Not all URL handlers point to resources that can be exploited. Apple is right here, it is up to the app developer to determine what the user should have to confirm and what they should not have to.

Re:Apple should handle but it's Skype's fault (1, Informative)

Anonymous Coward | more than 3 years ago | (#34169280)

>> ANY app can be opened this way.

Wrong. No app can be opened this way unless they register a URL handler. And if they do, that is not in itself a security flaw. I wrote an app that registeres a handler and can be told to open a document. So a webpage could conceivably open my app. Not a practical flaw because people would have to have that app installed, then there would have to be an action that contains a security flaw that can lead to remote code execution. In other words, there is nothing here, and you don't know what you're talking about..

Re:Apple should handle but it's Skype's fault (0, Troll)

MichaelKristopeit123 (1933780) | more than 3 years ago | (#34169462)

i don't understand... if he doesn't know what he's talking about, then why is he moderated +5 insightful?

oh right...

slashdot = stagnated

Re:Apple should handle but it's Skype's fault (2, Informative)

atchijov (527688) | more than 3 years ago | (#34169296)

First of all, please check your facts before making such a broad assumptions. Application need to be configured in particular way in order to be invocable via URL in iOS. I will be surprised if 1 in 1000 applications in Apple iTunes App Store using this functionality. Secondary, It is 100% application responsibility to act "properly" when invoked via URL. All iOS does is firing app and informing it that it was invoked via URL. Skype choose to start call without getting confirmation from the user. Too bad for Skype.

Re:Apple should handle but it's Skype's fault (5, Informative)

wkcole (644783) | more than 3 years ago | (#34169932)

It's not just Skype, that was just an example.

ANY app can be opened this way.

That is false. Most apps do not register URL handlers.

Should the small minority of apps that register URL handlers be trusting that when they get a URL tossed at them, the user knows and approves of the app being opened for that purpose? Of course not. That would be inconsistent with how iOS is documented to operate. Safari or any other app sending an OpenURL message has no way to know whether a particular URL scheme has a potentially risky handler on the other end. An app that receives an HandleOpenURL message knows what its URL scheme does and knows whether handling a particular URL might be risky. Some developers seem to be making use of the opacity of that mechanism.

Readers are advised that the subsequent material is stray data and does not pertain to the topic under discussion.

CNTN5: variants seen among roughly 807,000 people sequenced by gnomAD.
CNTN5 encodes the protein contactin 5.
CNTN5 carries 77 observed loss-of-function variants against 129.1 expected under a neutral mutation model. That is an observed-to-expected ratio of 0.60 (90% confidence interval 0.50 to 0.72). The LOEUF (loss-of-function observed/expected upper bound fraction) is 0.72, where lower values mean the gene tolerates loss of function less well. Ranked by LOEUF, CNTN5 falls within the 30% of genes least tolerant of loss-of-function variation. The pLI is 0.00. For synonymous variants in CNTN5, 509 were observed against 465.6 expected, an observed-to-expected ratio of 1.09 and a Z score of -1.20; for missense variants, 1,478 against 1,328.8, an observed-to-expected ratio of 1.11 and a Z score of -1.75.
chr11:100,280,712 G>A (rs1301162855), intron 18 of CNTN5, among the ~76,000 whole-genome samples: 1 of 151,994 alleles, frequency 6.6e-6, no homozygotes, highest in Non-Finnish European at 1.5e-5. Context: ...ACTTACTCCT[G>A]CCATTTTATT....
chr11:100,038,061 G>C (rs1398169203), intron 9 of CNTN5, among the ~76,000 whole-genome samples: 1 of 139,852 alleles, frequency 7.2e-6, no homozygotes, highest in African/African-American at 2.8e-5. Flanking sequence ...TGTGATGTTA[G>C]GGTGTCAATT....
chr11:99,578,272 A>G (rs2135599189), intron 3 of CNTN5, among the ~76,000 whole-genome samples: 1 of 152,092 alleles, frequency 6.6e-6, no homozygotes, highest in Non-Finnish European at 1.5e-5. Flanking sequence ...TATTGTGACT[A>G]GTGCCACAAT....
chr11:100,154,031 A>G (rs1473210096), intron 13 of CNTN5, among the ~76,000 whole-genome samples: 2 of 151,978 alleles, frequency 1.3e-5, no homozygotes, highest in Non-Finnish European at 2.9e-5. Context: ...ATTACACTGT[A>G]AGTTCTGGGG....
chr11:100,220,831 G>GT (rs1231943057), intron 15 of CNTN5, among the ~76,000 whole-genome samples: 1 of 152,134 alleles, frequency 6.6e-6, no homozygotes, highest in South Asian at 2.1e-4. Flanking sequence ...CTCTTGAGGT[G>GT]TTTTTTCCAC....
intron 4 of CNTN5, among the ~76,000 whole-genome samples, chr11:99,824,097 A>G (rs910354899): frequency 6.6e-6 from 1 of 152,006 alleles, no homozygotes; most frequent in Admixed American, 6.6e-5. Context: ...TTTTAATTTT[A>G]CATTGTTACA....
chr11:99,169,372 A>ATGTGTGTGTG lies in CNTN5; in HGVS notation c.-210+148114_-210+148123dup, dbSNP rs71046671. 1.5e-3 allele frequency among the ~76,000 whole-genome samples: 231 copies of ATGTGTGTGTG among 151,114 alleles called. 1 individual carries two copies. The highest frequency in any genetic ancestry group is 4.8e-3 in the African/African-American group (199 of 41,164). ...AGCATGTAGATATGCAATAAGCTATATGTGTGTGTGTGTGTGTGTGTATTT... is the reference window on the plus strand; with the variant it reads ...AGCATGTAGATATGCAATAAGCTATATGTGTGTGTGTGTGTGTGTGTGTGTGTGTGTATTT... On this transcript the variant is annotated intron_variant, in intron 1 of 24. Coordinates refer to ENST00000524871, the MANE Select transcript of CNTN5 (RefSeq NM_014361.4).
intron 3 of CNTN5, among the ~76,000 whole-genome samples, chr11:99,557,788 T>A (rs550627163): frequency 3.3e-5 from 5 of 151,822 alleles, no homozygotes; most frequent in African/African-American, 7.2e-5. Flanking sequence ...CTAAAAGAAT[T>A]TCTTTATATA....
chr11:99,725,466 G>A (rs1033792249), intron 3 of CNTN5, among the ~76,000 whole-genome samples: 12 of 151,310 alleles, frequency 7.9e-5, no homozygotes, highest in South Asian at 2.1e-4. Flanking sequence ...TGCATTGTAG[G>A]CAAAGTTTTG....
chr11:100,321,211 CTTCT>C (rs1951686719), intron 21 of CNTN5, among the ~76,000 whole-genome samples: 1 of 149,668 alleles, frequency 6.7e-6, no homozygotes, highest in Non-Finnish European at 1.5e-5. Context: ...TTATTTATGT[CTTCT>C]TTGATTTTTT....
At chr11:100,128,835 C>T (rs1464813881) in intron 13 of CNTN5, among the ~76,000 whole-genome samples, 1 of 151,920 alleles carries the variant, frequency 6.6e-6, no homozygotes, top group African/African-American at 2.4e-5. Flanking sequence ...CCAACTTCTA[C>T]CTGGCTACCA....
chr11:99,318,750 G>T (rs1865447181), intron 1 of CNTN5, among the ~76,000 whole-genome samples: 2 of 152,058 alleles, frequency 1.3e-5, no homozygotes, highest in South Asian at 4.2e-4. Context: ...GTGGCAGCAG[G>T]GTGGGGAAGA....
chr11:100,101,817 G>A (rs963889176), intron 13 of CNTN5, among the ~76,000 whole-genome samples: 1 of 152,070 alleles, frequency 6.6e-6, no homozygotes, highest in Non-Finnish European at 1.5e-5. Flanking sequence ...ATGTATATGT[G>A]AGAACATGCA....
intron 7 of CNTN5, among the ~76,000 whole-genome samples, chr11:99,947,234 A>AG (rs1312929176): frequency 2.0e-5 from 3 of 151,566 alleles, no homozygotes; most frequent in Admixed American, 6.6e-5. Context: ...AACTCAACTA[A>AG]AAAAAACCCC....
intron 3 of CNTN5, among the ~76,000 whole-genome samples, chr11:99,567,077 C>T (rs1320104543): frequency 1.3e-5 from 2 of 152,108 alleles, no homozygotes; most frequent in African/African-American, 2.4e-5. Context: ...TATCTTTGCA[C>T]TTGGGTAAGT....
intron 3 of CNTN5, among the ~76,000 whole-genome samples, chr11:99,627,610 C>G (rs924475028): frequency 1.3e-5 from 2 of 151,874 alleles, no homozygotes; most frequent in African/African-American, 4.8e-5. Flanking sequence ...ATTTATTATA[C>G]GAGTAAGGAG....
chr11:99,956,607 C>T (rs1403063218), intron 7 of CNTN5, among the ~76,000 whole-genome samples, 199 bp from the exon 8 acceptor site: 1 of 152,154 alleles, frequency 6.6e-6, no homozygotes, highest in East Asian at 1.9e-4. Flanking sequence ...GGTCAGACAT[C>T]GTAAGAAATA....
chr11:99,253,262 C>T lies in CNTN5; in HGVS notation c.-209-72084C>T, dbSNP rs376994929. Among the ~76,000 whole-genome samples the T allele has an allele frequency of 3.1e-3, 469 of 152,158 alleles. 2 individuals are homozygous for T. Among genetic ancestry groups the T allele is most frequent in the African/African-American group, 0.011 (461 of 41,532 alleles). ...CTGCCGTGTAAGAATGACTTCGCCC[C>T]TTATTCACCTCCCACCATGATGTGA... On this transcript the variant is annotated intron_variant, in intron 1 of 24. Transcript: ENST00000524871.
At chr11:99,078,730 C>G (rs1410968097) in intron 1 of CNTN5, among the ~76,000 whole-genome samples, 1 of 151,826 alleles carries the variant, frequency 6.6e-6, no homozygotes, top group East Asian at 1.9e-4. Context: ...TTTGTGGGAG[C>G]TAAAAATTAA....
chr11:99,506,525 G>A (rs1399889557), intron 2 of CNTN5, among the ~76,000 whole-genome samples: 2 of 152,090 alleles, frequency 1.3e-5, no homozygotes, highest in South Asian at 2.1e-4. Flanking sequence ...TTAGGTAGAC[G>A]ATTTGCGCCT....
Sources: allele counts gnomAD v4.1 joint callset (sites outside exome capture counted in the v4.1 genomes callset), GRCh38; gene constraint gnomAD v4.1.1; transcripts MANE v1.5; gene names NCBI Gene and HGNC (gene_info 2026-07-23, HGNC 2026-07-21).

It's definitely Apple's problem. Skype could have been really awesome fixed the problem on their end, but that would not have solved the problem for the 200,000 other apps that can be launched this way.

Where do you get that number? The biggest list of registered URL schemes I can find seems to have about 140 listed ("seems" = a crapulous website showing ~10 per page, 14 pages.) Most apps would have no need to register an URL scheme.

Skype dropped the ball here. Their app is doing something potentially costly in response to a system message that Skype knows the user might not have knowingly initiated. The app should be asking the user for authorization before initiating the call. Doing that would be more accurately described as "minimally competent" than "really awesome" unless you consider elementary security awareness "really awesome."

I don't get me wrong. I'm not saying that Apple shouldn't fix the design issue here, they should. But this is a UI design problem more than it is really a security problem. A wisely designed app that needs this functionality can ask for user authorization, but only after it has been launched and put in the foreground. Apple should generalize the integration they use in their own apps to a system-level feature that asks the user for authorization before switching apps whenever an OpenURL is sent that would switch apps. Let apps request quiet switching in their Info.plist and let users toggle that on a per-scheme basis. In the interim, they should go through the app store and remove every app that registers an URL scheme which it handles to do something risky without user authorization.